MANILA (UPDATE) — Bureau of Immigration personnel tagged in the controversial "pastillas" scam are now back on duty and were not fired, Justice Secretary Menardo Guevarra confirmed Wednesday, contrary to President Rodrigo Duterte's statement.
“No, they were not fired or dismissed, precisely because the investigation of their cases is still going on,” Guevarra said in a message to reporters.
Duterte said during his State of the Nation Address on Monday that he fired 43 Immigration personnel involved in a scheme where Chinese citizens were allowed into the country in exchange for money.
Under the scheme, the Chinese enter the Philippines as tourists and later work for Philippine Offshore Gaming Operations (POGO) hubs, paying immigration personnel around P10,000.
They allegedly pay immigration personnel and Chinese and Filipino travel agencies P10,000 in grease money rolled in bond paper, like the "pastillas" delicacy.
“I have ‘yung "pastillas" [scam] sa ano, sa airport. There were 43 personnel involved. I fired them all. Talagang pinaalis ko sa gobyerno. Nagbalot pa nga ako ng pera sa pastillas. Sabi ko kay --- ‘Magbalot ka, lagyan mo ng pera kay ito ang ipakain ko sa kanila,’” the chief executive said half-way through his nearly three-hour long State of the Nation Address on Monday.
(I fired them all and I removed them from the government. I told them to roll these paper bills and eat their money)
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DISMISSAL ONLY AFTER ‘CAUSE’
But Guevarra explained why the President could not have fired the personnel outright.
“Most of the respondents are permanent employees covered by CSC [Civil Service Commission] rules. They will be dismissed only if found guilty,” he said.
“Under existing CSC rules, dismissal from service may be imposed for dishonesty and other major administrative offenses. Both the OMB and the DOJ may exercise that disciplinary power after giving the respondents their day in court,” he explained.
Guevarra confirmed the Department of Justice (DOJ) could fire permanent Bureau of Immigration employees but only after finding cause under CSC rules.
“It’s the DOJ who appoints Immigration officers under the Commonwealth Act that established our Immigration agency. We have disciplined so many immigration officers in the past for administrative offenses,” he said.
In contrast, personnel who are on job-order basis only may be terminated immediately, the justice chief said, adding that for this case, those who were under job-order arrangements have all been terminated.
WHAT WENT BEFORE
By November last year, the National Bureau of Investigation had filed 86 corruption complaints with the Office of the Ombudsman following a Senate inquiry led by Sen. Risa Hontiveros.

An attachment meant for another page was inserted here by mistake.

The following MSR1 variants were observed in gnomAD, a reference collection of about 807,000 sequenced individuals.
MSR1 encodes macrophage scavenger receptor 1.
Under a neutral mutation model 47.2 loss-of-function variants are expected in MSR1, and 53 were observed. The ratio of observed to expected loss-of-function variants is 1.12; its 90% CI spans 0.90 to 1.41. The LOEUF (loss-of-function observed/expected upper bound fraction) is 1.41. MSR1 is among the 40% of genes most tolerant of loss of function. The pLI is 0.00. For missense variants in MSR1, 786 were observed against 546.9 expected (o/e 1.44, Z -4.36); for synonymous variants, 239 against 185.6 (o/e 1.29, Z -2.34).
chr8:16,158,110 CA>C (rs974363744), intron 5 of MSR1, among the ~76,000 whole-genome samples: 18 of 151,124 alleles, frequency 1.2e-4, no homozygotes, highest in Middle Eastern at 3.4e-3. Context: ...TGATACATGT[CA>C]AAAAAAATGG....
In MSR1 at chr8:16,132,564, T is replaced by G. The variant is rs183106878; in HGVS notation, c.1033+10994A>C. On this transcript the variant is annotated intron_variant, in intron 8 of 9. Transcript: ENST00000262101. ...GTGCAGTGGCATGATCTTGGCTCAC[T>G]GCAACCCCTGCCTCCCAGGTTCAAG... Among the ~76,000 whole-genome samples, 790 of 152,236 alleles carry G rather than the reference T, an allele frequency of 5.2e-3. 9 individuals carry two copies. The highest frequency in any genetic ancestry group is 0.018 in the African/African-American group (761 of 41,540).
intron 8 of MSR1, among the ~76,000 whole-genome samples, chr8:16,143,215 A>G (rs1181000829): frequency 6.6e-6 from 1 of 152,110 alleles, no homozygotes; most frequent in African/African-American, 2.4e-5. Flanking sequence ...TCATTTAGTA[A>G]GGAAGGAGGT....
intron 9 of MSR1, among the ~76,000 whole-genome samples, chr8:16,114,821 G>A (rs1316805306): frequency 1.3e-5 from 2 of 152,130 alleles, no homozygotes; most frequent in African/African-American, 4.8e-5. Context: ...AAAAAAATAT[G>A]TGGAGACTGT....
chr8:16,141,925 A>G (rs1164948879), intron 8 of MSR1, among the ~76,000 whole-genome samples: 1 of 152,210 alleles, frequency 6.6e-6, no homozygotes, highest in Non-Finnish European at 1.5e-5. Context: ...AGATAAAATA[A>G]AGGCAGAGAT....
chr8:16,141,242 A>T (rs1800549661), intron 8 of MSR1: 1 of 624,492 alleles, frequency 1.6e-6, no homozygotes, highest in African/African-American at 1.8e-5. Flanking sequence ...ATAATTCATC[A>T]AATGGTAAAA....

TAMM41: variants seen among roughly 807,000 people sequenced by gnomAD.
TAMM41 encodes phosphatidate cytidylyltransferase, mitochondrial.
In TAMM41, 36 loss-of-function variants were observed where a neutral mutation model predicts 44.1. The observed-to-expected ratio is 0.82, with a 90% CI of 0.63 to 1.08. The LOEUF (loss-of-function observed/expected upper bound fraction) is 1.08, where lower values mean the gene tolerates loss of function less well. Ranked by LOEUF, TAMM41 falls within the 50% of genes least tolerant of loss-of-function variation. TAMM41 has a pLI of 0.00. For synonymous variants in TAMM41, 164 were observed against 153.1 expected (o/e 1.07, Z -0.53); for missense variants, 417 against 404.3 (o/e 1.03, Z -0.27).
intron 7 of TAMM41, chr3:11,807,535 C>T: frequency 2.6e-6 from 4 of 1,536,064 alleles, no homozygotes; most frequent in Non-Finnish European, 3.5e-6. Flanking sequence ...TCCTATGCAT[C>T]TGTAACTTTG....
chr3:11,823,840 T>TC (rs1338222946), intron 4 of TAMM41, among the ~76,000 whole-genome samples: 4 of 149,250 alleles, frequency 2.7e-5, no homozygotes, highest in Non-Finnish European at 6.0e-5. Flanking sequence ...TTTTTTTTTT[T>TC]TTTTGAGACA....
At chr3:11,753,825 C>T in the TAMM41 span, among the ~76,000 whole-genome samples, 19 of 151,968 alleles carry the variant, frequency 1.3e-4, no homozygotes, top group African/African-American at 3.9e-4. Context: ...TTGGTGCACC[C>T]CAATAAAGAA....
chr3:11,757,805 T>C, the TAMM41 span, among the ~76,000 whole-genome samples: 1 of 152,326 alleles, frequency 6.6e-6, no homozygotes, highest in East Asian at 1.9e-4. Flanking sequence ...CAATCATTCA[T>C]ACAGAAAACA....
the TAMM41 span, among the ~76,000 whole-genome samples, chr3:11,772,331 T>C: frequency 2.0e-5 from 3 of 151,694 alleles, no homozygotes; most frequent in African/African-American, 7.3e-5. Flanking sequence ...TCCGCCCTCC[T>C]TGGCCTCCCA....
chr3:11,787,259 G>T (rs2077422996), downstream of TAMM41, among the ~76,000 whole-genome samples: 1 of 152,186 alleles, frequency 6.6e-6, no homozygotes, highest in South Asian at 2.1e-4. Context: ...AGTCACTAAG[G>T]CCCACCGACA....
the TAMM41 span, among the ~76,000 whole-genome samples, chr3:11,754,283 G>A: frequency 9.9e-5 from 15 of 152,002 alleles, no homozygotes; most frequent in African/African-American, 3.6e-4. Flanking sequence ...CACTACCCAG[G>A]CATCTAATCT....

Forty-four Immigration personnel were initially suspended in October last year while a total of at least 83 were reportedly preventively suspended by December.
Preventive suspension is not a penalty but is standard during the investigation of cases to prevent interference in probes.
It can only last for 6 months.
Guevarra confirmed the suspended personnel have finished serving their suspension.
“The 6-month preventive suspension of BI personnel allegedly involved in the so-called 'pastillas' scheme has already lapsed,” he said.
“However, the preliminary investigation being conducted by the OMB [Ombudsman] is still going on. So is the administrative proceedings being conducted by the DOJ,” he explained.
Asked about their status, Guevarra said the BI personnel “have returned to the main office but most of them have not been given assignments while their cases remain pending.”
Guevarra stressed that the previously suspended BI personnel went back to their administrative service posts at the BI main office in Intramuros. They were only detailed to the airport before the pastillas scam broke out.
Immigration Spokesperson Dana Krixia Sandoval confirmed the status of the BI personnel.
“Following standard procedures on personnel with administrative cases, they have resumed reporting for duty, but have been assigned in admin offices with back-end and non-sensitive positions, pending the resolution of the cases filed against them under the DOJ, NBI, and the Office of the Ombudsman,” she said in a statement on Wednesday.
Guevarra said it will now be up to the immigration commissioners if they want to give them new assignments.
Asked about a particular Immigration officer, Guevarra said Grifton Medina has not been reinstated at the Ports Operations Division.
Medina was the highest-ranking Immigration official tagged in the scam, who denied having knowledge.
However, a document obtained by ABS-CBN News shows Guevarra himself, on May 17, 2021, re-designated Medina as acting chief of the BI Personnel Section, in addition to his previous duty as head of the Committee on Good Governance.
Guevarra confirmed signing the document.
“That’s his position before his suspension. He simply went back to it. But I did not re-assign him as OIC head for the Ports Operations Division. I assigned someone else to handle airport operations,” he explained.